Bartending is very similar to serving in regards to dealing with the animal guests that come in but kind of in a different way.
When you are a server, most of the complaints and problems you come across usually have to do with food taking too long or something like that where it’s almost never the server’s fault if they are halfway decent at their job.
When bartending, a lot of the things you have to deal with are people too drunk to even know where they are and are just as much of a pain as anyone else.
Anything and everything I complain about on here by the way is always assuming that the server or employee is good at their job. I know and understand that this is most certainly not always the case and there are definitely people who are working in the industry that shouldn’t be, but that’s another story and can almost always be distinguished.
Going to continue on from yesterday’s post as far as servers taking the majority of all the abuse from customers even if it is totally out of their control.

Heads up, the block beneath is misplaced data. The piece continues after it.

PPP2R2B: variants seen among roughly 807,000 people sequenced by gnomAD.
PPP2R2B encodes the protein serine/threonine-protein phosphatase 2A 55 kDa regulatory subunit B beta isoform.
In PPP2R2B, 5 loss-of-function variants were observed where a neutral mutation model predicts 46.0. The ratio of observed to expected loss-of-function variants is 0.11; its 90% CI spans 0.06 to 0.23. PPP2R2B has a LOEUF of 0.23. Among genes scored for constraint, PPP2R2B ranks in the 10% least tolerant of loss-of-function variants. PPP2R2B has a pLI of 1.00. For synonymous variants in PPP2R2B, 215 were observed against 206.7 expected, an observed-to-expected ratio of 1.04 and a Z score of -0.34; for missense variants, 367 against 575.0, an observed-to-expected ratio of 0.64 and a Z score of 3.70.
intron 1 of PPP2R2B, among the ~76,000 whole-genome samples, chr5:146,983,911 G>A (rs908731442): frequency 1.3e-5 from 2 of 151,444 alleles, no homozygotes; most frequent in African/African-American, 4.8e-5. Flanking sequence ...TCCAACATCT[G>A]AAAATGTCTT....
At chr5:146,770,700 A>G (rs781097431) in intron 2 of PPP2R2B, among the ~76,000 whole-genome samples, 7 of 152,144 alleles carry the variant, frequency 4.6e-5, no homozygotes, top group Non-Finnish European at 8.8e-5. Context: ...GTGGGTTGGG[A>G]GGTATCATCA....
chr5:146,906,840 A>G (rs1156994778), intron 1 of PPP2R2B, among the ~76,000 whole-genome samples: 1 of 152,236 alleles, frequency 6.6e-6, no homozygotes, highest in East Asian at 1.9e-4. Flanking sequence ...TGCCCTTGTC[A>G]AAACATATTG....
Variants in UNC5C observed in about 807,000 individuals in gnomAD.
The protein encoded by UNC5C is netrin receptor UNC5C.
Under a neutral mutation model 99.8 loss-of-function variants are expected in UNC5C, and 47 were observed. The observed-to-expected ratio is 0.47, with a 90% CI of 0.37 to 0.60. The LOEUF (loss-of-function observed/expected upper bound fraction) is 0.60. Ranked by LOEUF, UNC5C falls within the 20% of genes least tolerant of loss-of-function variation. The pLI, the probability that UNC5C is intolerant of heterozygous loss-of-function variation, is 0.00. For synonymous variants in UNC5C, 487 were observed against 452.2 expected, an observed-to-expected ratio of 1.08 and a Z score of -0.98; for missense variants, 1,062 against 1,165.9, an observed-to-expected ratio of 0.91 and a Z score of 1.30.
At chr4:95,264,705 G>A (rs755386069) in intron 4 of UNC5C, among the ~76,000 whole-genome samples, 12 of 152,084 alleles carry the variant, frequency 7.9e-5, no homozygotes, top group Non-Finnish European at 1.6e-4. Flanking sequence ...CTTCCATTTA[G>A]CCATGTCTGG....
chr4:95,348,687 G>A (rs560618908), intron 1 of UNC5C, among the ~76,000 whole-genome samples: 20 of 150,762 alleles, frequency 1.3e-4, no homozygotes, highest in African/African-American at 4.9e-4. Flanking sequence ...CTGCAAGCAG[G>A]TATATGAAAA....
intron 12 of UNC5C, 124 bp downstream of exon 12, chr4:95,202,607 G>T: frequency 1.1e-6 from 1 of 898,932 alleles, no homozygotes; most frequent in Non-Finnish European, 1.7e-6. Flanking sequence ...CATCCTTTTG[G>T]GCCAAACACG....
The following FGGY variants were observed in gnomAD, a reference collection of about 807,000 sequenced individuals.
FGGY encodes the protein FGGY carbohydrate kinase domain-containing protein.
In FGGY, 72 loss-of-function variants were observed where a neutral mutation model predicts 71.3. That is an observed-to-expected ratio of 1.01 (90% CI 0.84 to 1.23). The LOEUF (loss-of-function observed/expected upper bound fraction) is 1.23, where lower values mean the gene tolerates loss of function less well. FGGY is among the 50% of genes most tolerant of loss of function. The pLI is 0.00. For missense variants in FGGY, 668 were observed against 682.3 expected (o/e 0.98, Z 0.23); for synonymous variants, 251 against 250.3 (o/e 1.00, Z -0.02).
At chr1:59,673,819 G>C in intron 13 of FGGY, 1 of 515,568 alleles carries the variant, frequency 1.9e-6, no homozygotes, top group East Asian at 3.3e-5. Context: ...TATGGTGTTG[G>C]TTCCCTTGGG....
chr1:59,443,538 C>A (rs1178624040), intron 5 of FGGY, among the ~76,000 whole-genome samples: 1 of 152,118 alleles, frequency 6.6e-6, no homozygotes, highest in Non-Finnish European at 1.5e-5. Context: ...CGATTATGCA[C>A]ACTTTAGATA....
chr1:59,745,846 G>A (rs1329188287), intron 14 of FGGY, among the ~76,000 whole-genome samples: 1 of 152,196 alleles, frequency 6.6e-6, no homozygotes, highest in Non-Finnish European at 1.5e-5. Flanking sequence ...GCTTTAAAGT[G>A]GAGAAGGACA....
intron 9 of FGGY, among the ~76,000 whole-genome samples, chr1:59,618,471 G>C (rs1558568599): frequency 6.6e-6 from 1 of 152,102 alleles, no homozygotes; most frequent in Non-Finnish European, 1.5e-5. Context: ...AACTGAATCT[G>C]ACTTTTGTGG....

Being a server or working for a restaurant in general is not for the weak of heart. You really do need to have pretty thick skin to be able to handle your cool, especially at a busy restaurant.
People Don’t Understand
So remember the buddy I mentioned a few days ago who worked in a calm, cool, and collected place like the one below?
Well I was talking to him today about life and the topic of getting yelled at by customers came up and he was absolutely shocked at some of the things I have been called and even the things I have had thrown at me while bartending.
Don’t worry; I will get to that on here eventually.
When I went down the absolutely infinite list of horrible things I have had yelled at me, he proceeded to tell me that he legitimately cannot think of one moment of working his construction jobs that he has ever been yelled at or even talked down to by a customer.